German nationality law is the law governing the acquisition, transmission and loss of German citizenship. The law is based on a mixture of the principles of german language for children 5 years sanguinis and jus soli. 1999, and came into force on 1 January 2000. The reformed law makes it somewhat easier for foreigners resident in Germany on a long-term basis, and especially their children born in Germany, to acquire German citizenship.
The previous German nationality law dated from 1913. Nazism by an Allied occupational ordinance during WWII in 1945. German citizenship, either derived from the citizenship of one of the component states or acquired through the central Reich government. Under the Third Reich, in 1934, the German nationality law was amended to abolish separate state citizenships and creating a uniform Reich citizenship, with the central Reich authorities having power to grant or withdraw German nationality. On 13 March 1938 the German nationality law was extended to Austria following the Anschluss which annexed Austria to Germany. On 27 April 1945, after the defeat of Nazism, Austria was re-established and conferred Austrian citizenship on all persons who would have been Austrian on that date had the pre-1938 nationality law of Austria remained in force. The Nazi amendments of 1934 and the Nuremberg Laws of 1935 were revoked by Allied occupational ordinance in 1945, restoring the 1913 nationality law, which remained in force until the 1999 reforms.
German ethnic origin or as the spouse or descendant of such a person. Nazi government, to be renaturalised if they wish. Those among them, who after May 8, 1945 take up residence in Germany are automatically considered German citizens. Poles and Israelis, residing in Poland and Israel, to be concurrently German citizens.
Germany for at least eight years. In order to retain German citizenship, such children are required to take affirmative measures by age 23, after which their German citizenship otherwise expires. These requirements are fulfilled in the vast majority of cases. If they are not fulfilled, the applicant can alternatively prove that he or she does not hold any foreign citizenship other than in a European Union member nation or a nation such as Morocco, Nigeria, or Iran whose domestic law provides that its citizenship cannot be lost. Parents who are citizens of European Economic Area states or Switzerland are eligible to receive permanent resident permits after five years. A person born of a parent with German citizenship at the time of the child’s birth is a German citizen. Place of birth is not a factor in citizenship determination based on parentage.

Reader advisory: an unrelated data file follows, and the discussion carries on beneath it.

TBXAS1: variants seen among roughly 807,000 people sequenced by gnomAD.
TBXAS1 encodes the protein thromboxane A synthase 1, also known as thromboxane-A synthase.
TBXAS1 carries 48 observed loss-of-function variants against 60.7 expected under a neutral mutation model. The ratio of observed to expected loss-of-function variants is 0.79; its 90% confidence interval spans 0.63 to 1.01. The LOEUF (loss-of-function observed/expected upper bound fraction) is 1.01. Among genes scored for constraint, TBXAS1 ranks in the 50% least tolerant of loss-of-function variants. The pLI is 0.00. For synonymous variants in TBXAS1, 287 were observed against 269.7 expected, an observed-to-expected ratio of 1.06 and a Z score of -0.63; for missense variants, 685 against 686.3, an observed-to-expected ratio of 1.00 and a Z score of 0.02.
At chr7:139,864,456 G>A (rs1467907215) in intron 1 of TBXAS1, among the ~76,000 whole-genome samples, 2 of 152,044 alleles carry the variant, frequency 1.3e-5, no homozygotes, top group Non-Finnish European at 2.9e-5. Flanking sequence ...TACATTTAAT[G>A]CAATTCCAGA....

Those born after 1 January 1975 are Germans if the mother or father is a German citizen. Those born before 1 January 1975 could normally only claim German citizenship from the father and not the mother. German mother applied for the child to be registered as German on or before 31 December 1977. Special rules exist for those born before 1 July 1993 if only the father is German and is not married to the mother. The father must acknowledge paternity and must have married the mother before 1 July 1998. The German parent registers the child’s birth within one year of birth to the responsible German agency abroad. In case both parents are German citizens, German citizenship will not be passed on automatically, if both parents were born abroad after 31 December 1999 and have their primary residence outside Germany.
Exceptions are same as the above. Those born in Germany and adopted to a foreign country would need to contact their local German Consulate for clarification of German citizenship. Persons who are Germans on the basis of descent from a German parent do not have to apply to retain German citizenship by age 23. If they acquire another citizenship at birth, they can usually continue to hold this. A child adopted by a German citizen becomes German national automatically if aged less than 18 on the date the application for adoption was made. Applicants for naturalisation are normally expected to prove they have renounced their existing nationality, or will lose this automatically upon naturalisation. A further exception applies to citizens of Switzerland and the European Union member states.
The spouse of a German citizen may be naturalised after 3 years of continual residency in Germany. The marriage must have persisted for at least 2 years. There are special provisions for victims of Nazi persecution and their descendants. Under Article 116 of Germany’s constitution, known as the Basic Law, anyone who had their German citizenship revoked during the Nazi regime for “political, racist, or religious reasons” may reobtain citizenship. The Article also includes the descendants of Nazi victims, and does not require them to give up the citizenship of their new home countries.